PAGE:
On how he came to play Santa in the first place, and what training or background, if any, he had:
I’ve only done this for my work’s Christmas parties for kids. They were asking for volunteers at work, and I thought it would be fun just to try it once. No training, I just winged it, and now it’s continued to be an annual event. It’s the Kimberly-Clark kids’ Christmas party at Fun Depot—I have also played Santa once at the fire department kids’ Christmas party in Mountain Home.
On his “method” for preparing for the Santa “role”:
I just have the suit, with a wig and a beard. No physical resemblance—my own kids and grandkids have seen me [in character] and recognized me. And no props like elves or reindeer, just a chair at Fun Depot with a big bag of candy.
On that first time he played Santa and other memorable moments:
For the first time, my hat kept falling off, and the kids were always pulling at the beard. Sometimes there are brothers and sisters arguing about who’s going first or last. And some kids are scared of Santa. There was a small kid one time, only about one year old, and he just looked at me, and his eyes seemed to get bigger and bigger. All of a sudden he just started screaming! Some “moms” like sitting on Santa’s lap also…
On what the children actually ask Santa to bring them:
Some kids ask for money. Some have asked for gifts for their siblings. Others asked for snow for Christmas. A lot of video stuff, games and things. Some have cried, and some have also run away when they saw me.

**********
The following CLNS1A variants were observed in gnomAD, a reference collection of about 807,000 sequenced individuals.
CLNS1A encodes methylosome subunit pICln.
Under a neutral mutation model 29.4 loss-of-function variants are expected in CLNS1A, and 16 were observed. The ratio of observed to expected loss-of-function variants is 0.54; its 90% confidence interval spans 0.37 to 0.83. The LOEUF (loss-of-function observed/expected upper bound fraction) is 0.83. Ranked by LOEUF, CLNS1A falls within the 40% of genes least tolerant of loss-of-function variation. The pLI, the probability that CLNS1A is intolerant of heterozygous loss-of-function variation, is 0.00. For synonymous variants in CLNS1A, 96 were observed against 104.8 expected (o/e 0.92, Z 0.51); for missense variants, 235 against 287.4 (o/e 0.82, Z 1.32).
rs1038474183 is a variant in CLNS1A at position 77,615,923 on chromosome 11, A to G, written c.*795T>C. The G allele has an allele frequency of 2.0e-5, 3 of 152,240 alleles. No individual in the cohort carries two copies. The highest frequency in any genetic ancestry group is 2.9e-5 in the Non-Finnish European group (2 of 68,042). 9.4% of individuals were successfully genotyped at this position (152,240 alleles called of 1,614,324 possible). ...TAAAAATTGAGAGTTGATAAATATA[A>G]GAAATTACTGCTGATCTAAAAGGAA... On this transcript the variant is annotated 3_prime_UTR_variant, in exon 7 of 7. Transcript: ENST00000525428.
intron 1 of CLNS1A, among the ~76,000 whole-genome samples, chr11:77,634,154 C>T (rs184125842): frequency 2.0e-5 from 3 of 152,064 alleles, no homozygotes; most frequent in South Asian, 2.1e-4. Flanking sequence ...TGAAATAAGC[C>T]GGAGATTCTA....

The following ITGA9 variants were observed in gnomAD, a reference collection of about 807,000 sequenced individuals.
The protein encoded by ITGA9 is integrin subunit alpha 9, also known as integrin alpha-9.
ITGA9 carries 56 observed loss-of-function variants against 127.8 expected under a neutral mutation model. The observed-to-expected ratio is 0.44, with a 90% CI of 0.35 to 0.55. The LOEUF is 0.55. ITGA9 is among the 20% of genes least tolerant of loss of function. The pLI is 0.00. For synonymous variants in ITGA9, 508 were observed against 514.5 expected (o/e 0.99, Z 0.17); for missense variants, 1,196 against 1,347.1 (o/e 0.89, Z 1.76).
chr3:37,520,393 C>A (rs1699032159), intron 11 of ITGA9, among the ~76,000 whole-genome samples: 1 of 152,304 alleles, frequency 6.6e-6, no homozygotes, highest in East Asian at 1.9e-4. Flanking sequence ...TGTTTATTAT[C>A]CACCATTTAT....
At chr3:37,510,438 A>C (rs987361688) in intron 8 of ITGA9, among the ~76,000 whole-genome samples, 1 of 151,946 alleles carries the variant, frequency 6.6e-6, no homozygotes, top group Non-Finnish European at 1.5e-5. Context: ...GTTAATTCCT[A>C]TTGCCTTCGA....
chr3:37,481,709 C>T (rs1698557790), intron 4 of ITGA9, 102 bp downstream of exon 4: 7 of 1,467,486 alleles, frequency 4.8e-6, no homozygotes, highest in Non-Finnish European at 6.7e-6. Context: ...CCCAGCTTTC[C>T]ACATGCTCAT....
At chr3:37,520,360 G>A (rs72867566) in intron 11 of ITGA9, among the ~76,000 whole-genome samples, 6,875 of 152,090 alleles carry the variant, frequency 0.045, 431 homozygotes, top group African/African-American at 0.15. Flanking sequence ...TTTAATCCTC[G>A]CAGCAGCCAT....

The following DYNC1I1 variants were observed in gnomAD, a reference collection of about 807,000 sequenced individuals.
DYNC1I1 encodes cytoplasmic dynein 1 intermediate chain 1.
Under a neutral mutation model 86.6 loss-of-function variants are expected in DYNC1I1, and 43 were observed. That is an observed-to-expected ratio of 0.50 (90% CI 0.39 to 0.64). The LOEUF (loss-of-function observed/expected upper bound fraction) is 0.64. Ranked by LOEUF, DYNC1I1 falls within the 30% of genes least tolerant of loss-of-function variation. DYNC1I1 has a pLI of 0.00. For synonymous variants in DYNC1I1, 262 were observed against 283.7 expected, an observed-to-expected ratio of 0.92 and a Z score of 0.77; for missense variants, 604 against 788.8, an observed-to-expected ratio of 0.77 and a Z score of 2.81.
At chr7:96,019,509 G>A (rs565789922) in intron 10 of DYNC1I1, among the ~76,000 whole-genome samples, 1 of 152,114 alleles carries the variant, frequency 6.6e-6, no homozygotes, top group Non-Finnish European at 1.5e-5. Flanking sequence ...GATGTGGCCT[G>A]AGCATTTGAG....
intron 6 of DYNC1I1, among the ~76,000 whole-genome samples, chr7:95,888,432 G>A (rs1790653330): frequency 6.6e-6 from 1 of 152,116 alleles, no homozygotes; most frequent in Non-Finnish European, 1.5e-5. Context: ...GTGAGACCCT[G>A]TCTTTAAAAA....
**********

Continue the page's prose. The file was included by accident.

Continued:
On the most gratifying aspect about playing Santa:
Just listening to the kids talk about what they would like to have, and asking them if they have been bad or good—their parents will be standing there, looking at them to see what they say!
On advice he’d give to anyone planning on playing Santa this year:
Just enjoy what you’re doing, and treat all the kids the same. It’s so interesting to hear some of the stories some kids will tell you that have nothing to do with Christmas.
After interviewing Smith and considering what a positive outlook the gentleman displays, we came to an inevitable conclusion: We’ve become awfully cynical with age, as regards certain holiday traditions, and Sedaris’ “Santaland Diaries” has undoubtedly contributed to that cynicism. We even found ourselves asking Smith if he had ever witnessed the proverbial “bad Santa” a la Billy Bob Thornton’s boozing conman character in the cult film of the same name. (Smith’s answer was a firm, “No.”) But this is Christmastime—why on earth would anyone want to believe the worst in people, or look for the darkest linings, during this time of year? That said, 2016 has been such a long, protracted study in negativity, thereby upping the ante for cynics everywhere, you can’t really blame them.
So allow us to thank you, Rodney Smith, for helping restore our faith in the essential goodness of people. We can only hope that your attitude rubs off on some of those kids who sit in your lap and look up at you and yank on your beard. (Their parents, too.) How does that saying go? Oh yeah… Yes, Virginia, there is a Santa Claus—and he lives in Mountain Home, North Carolina.